The Proceeds Of Crime Act 2002 Joint guidance given by the Secretary of State and Her Majesty's Attorney General on when to use civil powers to recover the proceeds of crime has been published on-line.
The Secretary of State to the Serious Organised Crime Agency (SOCA), the Attorney General to the Director of Public Prosecutions, the Director of Revenue and Customs Prosecutions, the Director of the Serious Fraud Office and the Director of Public Prosecutions for Northern Ireland have provided guidance on the use of civil recovery under the Proceeds of Crime Act 2002 in accordance with section 2A of the Proceeds of Crime Act 2002.
The guidance can be downloaded here:
It is essential reading for anyone acting or advising in cases where property is alleged to be criminal. Most importantly, it sets out the State's policy of bringing claims where criminal prosecution cannot (for whatever reason) result in a conviction.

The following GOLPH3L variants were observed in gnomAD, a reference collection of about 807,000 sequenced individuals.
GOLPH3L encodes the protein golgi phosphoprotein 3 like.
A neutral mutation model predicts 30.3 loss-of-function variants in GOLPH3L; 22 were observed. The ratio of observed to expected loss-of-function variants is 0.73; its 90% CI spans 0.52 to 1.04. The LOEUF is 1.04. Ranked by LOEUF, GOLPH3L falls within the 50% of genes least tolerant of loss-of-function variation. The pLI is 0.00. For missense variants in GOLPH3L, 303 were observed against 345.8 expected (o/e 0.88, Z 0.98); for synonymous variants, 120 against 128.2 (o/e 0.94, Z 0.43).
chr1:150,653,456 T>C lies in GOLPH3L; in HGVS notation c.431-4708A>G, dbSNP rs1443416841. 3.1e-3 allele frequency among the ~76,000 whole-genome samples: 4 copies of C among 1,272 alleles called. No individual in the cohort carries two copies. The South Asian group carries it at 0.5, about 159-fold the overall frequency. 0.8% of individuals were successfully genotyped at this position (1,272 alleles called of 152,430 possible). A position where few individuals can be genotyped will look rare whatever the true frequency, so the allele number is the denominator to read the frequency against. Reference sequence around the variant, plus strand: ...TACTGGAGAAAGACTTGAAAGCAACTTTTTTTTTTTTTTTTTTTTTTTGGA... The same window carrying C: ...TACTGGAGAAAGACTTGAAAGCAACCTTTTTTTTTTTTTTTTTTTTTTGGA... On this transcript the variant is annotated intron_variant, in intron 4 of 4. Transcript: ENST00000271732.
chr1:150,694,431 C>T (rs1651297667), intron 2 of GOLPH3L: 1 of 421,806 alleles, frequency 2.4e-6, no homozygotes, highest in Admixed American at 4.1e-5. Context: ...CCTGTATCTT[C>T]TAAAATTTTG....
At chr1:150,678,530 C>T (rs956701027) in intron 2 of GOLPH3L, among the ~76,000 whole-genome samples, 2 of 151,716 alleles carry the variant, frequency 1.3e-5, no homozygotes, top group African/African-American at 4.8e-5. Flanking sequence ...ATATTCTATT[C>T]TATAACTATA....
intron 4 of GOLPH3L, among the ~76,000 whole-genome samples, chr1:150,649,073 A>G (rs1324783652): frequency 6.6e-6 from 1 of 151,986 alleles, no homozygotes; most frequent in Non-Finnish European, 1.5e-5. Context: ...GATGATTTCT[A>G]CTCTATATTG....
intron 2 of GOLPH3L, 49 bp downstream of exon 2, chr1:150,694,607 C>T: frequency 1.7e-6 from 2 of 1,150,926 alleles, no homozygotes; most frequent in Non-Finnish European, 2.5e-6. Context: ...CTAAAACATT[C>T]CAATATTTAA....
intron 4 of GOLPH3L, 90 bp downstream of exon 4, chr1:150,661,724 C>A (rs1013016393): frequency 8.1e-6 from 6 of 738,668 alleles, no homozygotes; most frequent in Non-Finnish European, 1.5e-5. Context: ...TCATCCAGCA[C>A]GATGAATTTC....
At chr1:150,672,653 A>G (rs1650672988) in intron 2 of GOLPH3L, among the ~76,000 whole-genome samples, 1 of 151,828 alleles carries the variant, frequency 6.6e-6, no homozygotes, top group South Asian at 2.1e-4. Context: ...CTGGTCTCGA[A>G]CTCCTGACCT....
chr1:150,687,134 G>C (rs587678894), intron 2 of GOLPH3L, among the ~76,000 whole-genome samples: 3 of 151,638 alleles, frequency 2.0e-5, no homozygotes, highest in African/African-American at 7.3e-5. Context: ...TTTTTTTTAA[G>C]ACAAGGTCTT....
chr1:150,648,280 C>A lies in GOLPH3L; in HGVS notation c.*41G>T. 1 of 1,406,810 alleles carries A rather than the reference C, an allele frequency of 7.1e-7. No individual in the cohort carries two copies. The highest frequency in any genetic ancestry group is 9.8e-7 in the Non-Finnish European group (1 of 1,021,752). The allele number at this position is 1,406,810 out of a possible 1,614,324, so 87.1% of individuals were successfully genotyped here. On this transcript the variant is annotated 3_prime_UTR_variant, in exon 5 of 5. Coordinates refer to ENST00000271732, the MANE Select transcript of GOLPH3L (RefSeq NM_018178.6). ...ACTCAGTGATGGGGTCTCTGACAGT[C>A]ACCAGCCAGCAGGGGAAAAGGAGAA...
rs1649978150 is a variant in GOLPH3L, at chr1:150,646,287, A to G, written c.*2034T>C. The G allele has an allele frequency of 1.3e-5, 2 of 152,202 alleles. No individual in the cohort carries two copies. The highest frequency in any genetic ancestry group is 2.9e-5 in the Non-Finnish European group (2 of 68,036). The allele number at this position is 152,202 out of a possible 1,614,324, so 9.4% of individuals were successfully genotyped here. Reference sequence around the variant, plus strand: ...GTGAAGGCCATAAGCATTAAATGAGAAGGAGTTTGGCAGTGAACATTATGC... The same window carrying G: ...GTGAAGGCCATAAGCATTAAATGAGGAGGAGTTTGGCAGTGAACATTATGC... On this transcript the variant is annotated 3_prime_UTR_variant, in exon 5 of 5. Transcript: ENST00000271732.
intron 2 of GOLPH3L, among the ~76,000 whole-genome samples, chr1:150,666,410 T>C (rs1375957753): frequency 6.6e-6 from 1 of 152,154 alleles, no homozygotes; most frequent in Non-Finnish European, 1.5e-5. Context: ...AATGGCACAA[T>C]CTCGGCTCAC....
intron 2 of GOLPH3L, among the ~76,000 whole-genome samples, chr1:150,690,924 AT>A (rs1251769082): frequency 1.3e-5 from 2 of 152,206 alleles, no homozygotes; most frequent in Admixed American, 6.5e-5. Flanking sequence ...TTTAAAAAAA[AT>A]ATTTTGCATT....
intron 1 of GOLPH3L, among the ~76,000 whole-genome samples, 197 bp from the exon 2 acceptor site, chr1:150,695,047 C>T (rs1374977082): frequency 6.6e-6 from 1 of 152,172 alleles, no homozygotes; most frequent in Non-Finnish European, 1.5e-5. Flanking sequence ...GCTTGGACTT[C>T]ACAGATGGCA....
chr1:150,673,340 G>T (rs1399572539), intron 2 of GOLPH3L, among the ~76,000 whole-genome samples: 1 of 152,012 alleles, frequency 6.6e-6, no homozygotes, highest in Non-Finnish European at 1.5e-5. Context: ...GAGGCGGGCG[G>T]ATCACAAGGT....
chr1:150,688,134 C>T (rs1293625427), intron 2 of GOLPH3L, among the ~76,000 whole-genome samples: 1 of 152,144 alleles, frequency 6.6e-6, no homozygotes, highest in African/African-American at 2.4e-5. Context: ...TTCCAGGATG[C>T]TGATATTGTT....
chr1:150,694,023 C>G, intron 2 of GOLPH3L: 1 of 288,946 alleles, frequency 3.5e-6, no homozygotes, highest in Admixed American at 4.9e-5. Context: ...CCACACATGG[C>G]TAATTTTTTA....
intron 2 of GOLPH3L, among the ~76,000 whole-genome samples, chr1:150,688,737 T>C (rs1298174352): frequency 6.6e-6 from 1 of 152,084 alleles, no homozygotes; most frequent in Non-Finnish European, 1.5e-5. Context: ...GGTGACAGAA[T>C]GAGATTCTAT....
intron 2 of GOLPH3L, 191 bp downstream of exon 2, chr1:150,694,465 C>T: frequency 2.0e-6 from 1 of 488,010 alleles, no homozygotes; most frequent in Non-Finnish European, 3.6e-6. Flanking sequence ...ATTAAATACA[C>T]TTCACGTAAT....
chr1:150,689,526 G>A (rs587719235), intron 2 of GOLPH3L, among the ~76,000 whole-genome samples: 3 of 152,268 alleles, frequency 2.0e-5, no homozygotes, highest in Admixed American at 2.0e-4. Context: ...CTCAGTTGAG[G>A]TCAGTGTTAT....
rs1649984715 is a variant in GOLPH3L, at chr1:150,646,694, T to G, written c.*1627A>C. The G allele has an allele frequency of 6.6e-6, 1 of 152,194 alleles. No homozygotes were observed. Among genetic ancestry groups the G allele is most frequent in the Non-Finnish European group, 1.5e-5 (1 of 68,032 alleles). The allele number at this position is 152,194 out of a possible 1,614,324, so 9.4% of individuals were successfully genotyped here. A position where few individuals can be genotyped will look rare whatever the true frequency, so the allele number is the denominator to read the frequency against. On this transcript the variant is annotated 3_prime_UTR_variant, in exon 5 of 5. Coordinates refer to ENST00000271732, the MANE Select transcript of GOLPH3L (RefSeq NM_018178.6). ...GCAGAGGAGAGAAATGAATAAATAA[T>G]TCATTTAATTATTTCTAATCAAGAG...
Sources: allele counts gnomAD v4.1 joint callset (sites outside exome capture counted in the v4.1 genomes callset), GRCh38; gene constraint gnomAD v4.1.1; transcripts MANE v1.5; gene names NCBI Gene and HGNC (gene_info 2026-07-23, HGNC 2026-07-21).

There will plainly be a greater drive to use these tools in the disruption of profit making by criminal acts. The advantage for the State is clear: assets can be recovered on the balance of probabilities, even in the event of an acquittal.
Chambers has an extensive and unparalleled experience of civil recovery cases. 33 Chancery Lane has been involved in most of the key decisions in this developing and complex area of law. Click here: to understand the work we do.